Saturday Night Live's 46th season is set to kick off this weekend, and viewers are excited to see how the long-running comedy series lampoons our current moment. As was revealed last month, that parody will include appearances from iconic comedic actor Jim Carrey, who will be portraying former Vice President and current Democratic presidential candidate Joe Biden in the series' new episodes. Ahead of Saturday's premiere, SNL's official Twitter account just showcased what Carrey's performance as Biden will entail. In a brief teaser video, which you can check out below, Carrey and Maya Rudolph get into costume as Biden as his running mate, Kamala Harris.
Carrey's casting on the series was met with quite a lot of chatter when it was announced in mid-September, with fans divided about whether or not he was the best possible pick for to play Biden. This teaser video is sure to further fuel that debate, especially between now and Saturday's episode. Biden was previously portrayed by Jason Sudeikis and Woody Harrelson on earlier incarnations of the series.
"There was some interest on his part. And then we responded, obviously, positively. But it came down to discussions about what the take was," executive producer Lorne Michaels said of casting Carrey to play Biden. "He and Colin Jost had a bunch of talks. He and I as well. He will give the part energy and strength, and … [Laughs.] Hopefully it's funny."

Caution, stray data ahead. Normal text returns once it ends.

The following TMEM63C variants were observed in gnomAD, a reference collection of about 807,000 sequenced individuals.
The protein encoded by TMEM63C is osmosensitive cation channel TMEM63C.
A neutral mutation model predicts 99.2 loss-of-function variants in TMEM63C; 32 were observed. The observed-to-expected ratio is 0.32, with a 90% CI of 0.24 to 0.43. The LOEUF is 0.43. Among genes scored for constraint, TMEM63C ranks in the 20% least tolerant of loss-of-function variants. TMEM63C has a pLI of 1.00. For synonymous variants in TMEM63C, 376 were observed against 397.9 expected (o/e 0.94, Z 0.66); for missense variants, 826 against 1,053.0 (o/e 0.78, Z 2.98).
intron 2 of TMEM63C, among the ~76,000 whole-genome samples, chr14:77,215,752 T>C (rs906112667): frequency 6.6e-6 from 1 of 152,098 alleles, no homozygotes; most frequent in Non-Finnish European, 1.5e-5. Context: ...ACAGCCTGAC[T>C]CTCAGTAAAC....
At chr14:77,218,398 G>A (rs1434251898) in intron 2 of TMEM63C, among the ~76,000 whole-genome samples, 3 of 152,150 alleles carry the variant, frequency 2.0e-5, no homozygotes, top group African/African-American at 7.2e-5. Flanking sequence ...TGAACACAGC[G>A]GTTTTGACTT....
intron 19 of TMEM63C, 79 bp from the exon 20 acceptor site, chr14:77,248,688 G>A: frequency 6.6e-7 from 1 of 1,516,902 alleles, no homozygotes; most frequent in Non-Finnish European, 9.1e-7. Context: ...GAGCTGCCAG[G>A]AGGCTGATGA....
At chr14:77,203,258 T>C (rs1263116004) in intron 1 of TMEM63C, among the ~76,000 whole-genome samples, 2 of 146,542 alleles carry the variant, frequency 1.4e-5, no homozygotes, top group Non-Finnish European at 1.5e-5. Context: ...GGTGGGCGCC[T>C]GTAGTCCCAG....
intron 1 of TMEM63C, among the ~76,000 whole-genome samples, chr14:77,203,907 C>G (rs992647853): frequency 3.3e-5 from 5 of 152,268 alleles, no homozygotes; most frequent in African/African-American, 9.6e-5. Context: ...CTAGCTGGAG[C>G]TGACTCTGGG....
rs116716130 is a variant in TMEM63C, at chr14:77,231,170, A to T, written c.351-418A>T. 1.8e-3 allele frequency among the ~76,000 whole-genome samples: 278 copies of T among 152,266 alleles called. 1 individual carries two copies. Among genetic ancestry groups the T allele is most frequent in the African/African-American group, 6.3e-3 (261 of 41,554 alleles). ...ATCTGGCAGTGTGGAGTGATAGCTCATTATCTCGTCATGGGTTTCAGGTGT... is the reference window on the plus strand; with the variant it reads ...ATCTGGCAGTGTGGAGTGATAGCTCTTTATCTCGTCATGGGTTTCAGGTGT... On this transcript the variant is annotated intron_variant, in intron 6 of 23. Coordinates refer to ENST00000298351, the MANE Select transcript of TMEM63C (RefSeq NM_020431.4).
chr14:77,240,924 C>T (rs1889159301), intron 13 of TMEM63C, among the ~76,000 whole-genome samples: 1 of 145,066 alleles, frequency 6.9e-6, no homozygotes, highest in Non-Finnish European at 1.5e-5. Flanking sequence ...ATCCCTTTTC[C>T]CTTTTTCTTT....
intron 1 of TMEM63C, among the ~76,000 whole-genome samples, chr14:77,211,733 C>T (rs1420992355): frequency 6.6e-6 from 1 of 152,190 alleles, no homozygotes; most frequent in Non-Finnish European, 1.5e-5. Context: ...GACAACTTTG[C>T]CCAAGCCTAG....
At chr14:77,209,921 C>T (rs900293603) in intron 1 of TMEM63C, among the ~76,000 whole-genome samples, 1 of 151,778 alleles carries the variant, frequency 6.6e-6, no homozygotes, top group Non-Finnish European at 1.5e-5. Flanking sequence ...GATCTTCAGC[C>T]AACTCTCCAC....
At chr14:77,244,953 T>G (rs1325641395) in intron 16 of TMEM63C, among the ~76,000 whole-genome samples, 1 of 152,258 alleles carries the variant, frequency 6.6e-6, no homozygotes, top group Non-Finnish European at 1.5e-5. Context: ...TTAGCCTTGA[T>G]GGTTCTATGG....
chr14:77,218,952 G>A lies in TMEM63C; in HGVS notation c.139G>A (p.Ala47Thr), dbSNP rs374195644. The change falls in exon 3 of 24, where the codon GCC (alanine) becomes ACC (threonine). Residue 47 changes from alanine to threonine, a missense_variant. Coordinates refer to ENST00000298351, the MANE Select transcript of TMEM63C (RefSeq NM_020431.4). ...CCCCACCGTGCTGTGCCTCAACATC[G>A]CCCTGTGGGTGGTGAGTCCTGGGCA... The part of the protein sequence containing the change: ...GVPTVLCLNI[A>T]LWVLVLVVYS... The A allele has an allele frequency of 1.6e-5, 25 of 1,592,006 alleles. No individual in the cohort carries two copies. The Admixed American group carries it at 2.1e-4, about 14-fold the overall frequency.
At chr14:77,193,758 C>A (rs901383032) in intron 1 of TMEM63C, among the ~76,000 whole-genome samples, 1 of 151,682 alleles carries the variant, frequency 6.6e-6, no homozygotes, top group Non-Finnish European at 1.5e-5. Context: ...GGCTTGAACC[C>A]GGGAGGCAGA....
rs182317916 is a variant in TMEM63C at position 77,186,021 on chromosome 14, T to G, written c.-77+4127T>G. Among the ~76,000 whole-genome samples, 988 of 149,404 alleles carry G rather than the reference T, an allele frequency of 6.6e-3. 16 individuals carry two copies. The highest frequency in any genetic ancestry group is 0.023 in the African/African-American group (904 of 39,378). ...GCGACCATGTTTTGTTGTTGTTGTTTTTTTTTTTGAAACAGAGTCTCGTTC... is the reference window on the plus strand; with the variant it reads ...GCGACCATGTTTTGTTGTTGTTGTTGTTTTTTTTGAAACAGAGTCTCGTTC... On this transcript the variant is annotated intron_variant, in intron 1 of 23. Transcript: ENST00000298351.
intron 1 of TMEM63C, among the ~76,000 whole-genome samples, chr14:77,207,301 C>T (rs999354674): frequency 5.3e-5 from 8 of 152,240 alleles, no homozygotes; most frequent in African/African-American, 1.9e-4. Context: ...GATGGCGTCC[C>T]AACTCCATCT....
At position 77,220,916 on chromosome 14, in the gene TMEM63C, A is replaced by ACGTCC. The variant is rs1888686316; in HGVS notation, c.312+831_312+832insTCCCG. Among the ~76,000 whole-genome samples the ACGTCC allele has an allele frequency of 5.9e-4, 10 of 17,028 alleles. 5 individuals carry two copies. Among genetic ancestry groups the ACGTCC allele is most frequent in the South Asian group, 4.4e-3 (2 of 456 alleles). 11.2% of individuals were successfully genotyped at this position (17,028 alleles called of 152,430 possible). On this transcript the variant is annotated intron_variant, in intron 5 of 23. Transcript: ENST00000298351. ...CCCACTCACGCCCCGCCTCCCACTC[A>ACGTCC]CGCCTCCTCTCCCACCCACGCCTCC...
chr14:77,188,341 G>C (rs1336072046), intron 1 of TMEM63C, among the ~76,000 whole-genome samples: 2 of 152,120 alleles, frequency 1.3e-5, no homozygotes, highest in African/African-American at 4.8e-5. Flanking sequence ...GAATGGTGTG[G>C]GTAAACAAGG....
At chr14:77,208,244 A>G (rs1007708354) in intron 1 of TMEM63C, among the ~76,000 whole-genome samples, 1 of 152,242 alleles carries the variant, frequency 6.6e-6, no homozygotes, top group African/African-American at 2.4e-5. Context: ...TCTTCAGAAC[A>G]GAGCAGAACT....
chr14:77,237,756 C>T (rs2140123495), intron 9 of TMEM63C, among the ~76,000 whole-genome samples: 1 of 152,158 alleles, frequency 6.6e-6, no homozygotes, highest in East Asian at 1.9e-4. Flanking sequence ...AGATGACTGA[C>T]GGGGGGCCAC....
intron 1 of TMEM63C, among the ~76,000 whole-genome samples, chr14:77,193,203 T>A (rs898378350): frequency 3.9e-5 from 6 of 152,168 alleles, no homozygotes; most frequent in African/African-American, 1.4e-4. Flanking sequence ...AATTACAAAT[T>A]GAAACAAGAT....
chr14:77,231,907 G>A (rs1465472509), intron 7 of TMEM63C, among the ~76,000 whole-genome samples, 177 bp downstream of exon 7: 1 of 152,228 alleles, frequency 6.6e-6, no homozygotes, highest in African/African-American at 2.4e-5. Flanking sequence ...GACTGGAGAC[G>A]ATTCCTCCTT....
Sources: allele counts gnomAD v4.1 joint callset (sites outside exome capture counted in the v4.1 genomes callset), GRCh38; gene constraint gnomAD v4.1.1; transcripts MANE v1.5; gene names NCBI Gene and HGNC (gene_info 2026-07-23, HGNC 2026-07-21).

Carrey's arrival on the series isn't the only change that SNL will have this season, as the series will film in front of a limited live audience, even as the COVID-19 pandemic continues on.
"We need the audience, obviously. With comedy, when you don't hear the response, it's just different. With the kind of comedy we do, which quite often is broad, timing gets thrown off without an audience," Michaels explained. "And for me, what is most important is when you're absolutely certain of some piece on Wednesday, and then the dress-rehearsal audience sees it on Saturday and tells you you're wrong. . . .I think us coming back and accomplishing the show will lead to — I hate to use the word normalcy — but it's a thing that is part of our lives coming back, in whatever form it ends up coming back. So the physical problems of doing it — number of people who can be in the studio, number of people who can be in the control room, how you separate the band so that they're not in any jeopardy — all of those are part of the meetings we've been having"